Obituaries in the News
RICHMOND, Va. (AP) _ Rep. Herbert Bateman, a nine-term congressman who in the 1970s was one of the first Virginia Democrats to switch parties, died Monday after a long battle with lung and prostate cancer. He was 72.
Bateman was elected to the state Senate in 1968 as a member of the conservative Democratic faction that dominated Virginia government for most of the 20th century. However, he disagreed with the liberal direction the party was heading nationally, and in 1976, he became a Republican.
He was first elected to Congress in 1982. In his 18 years in the House, Bateman brought defense contracts to his southeast Virginia district. His hometown, Newport News, is among the world’s major centers for the construction of warships.
Bateman was known as a deficit hawk, and he fought for a balanced budget. He remained popular in his district and seldom faced serious opposition for re-election. He had no Democratic opponent in his final two re-election bids.
WASHINGTON (AP) _ Mike Hughes, a former sports reporter who became editor-in-chief of United Press International, died Monday at age 66.
Hughes had been suffering from stomach cancer and had been diagnosed with a brain tumor eight years ago.
Hughes joined United Press _ which became United Press International _ in England in 1956 as a teletype operator. He later worked as a sports reporter and editor and became executive sports editor in New York in 1973. He covered seven Olympic Games for UPI.
Hughes moved to the news side of the wire service in 1977 and helped found United Press Canada. In 1983, he was named vice president and general manager of UPI’s international division. The following year, he was promoted to executive vice president and editor-in-chief.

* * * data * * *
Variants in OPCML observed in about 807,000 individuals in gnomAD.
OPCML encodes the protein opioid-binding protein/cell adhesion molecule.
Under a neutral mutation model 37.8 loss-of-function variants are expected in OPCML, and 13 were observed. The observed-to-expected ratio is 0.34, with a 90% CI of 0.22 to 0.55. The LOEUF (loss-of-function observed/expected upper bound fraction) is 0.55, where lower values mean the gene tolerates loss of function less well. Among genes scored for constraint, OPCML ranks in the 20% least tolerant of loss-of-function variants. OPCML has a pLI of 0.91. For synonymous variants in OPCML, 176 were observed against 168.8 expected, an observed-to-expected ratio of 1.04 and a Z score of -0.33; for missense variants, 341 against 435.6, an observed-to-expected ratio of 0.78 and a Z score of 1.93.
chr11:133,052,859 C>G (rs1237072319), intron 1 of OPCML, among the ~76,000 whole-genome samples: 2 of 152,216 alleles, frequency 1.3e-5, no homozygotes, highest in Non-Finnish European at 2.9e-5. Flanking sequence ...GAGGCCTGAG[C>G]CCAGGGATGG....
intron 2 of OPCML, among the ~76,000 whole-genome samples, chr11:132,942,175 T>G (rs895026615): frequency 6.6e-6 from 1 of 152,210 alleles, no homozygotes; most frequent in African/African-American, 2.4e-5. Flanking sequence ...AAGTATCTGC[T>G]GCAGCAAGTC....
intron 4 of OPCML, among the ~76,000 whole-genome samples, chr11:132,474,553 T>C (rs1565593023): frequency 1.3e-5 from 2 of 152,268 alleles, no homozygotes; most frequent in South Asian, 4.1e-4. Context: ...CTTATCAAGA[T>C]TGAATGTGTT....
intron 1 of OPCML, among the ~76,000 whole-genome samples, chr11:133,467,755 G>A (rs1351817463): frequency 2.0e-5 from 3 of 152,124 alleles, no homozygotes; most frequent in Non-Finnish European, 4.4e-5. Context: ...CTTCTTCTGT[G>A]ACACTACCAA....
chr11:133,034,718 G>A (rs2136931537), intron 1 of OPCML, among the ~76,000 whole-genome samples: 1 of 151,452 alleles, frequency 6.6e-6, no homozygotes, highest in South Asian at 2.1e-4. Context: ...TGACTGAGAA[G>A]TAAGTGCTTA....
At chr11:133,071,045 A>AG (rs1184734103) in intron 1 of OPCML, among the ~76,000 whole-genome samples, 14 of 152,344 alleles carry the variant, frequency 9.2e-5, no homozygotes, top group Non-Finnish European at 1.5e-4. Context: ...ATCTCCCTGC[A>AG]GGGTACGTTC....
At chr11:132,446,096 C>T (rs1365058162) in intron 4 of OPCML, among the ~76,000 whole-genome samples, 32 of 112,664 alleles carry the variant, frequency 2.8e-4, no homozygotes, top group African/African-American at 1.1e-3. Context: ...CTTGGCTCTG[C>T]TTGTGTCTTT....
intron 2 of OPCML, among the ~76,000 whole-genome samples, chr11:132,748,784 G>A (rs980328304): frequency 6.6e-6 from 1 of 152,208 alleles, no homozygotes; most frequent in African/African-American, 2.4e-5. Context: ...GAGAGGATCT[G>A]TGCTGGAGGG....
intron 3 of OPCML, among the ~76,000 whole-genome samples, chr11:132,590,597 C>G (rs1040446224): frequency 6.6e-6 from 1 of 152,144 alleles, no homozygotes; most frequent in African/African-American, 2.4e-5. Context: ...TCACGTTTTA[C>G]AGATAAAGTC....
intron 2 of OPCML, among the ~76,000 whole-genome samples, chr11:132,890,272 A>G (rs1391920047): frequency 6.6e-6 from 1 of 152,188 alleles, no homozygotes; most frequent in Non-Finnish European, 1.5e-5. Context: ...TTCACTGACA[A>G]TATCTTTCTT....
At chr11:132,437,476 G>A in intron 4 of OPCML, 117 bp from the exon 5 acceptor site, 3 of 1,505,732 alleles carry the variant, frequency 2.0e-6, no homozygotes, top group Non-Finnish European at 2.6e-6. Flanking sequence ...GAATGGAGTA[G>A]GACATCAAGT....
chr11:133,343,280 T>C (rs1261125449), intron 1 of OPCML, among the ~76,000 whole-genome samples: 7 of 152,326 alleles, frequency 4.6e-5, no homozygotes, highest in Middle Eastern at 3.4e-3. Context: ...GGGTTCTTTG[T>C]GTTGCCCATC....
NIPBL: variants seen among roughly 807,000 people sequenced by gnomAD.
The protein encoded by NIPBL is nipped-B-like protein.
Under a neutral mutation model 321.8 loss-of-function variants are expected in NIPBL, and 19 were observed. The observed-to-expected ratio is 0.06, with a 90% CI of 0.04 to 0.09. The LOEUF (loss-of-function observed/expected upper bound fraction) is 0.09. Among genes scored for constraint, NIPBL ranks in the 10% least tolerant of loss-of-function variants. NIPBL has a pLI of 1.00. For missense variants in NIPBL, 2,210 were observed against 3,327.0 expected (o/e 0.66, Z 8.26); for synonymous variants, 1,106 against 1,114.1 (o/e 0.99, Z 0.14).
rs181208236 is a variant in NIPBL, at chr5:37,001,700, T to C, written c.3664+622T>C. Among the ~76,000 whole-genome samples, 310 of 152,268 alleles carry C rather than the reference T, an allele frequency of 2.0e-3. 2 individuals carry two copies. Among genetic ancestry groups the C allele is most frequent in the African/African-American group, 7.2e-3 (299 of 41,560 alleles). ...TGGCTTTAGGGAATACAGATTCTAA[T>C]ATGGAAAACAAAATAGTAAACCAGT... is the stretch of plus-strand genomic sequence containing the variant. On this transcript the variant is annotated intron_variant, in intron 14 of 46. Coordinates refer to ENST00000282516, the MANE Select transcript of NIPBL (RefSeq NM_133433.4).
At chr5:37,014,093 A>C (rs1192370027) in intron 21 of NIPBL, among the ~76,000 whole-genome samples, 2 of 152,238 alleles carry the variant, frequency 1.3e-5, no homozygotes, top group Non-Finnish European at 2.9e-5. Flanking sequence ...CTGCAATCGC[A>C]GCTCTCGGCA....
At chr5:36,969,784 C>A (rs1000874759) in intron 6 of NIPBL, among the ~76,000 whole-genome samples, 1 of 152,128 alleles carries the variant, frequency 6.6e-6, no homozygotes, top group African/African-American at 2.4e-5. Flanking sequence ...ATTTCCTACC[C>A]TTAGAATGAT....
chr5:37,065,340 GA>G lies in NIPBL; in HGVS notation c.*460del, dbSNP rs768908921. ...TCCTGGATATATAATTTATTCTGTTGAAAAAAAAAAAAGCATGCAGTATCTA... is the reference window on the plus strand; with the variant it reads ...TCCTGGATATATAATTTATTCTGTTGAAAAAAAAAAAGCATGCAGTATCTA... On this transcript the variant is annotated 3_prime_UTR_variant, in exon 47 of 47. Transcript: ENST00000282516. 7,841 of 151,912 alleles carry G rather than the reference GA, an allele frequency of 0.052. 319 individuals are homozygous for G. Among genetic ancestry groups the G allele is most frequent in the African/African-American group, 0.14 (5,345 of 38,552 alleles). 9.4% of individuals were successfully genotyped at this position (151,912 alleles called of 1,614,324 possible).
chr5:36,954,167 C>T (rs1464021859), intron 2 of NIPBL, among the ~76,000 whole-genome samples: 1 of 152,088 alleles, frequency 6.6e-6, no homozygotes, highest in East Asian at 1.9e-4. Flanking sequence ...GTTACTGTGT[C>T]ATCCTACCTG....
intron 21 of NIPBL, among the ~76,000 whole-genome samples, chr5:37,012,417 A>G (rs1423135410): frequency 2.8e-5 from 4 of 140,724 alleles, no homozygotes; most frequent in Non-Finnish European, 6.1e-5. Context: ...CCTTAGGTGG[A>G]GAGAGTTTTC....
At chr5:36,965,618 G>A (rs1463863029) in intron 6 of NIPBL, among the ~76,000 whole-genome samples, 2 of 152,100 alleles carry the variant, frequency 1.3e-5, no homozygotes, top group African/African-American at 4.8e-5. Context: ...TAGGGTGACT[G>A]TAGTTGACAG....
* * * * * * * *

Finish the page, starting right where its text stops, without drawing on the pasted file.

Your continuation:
By that time, UPI was in the midst of structural and financial problems following its sale by the Scripps family. Hughes’ battles with the new owners led to his resignation from UPI in 1986.
Hughes is survived by his wife, a daughter, a brother and a sister.
LITTLE ROCK, Ark. (AP) _ Bill McCuen, a former Arkansas secretary of state who was imprisoned for corruption in office, died Saturday. He was 57.
McCuen was diagnosed with cancer while serving a 17-year prison term.
He was first elected secretary of state in 1984. In 1994, the state police began investigating his involvement in a scheme with political consultant Darrell Glascock to purchase $53,650 worth of flags from a sham company.
McCuen was indicted on public corruption charges in 1995. The following year, he pleaded either guilty or no contest to charges involving bribery, taking kickbacks and tax evasion.
William W. Quinn
WASHINGTON (AP) _ William W. ``Buffalo Bill″ Quinn, a retired Army lieutenant general who served in two wars and played a role in the creation of the Central Intelligence Agency, died Monday of congestive heart failure. He was 92.
During World War II, Quinn served as an intelligence officer in Europe, where he was responsible for gathering and coordinating information for the invasion of southern France on Aug. 15, 1944. The landing by U.S. and French troops was met with minimal resistance and was considered one of the most successful amphibious operations of the war.
In 1946, Quinn was named chief of operations of the Central Intelligence Group, a forerunner of the CIA. Quinn later served as a colonel on the staff of Gen. Douglas MacArthur during the Korean War.
Quinn retired from the military in 1966. He worked as a vice president of the Aerospace Group at Martin Marietta Corp. until 1972, when he formed Quinn Associates, a consulting firm.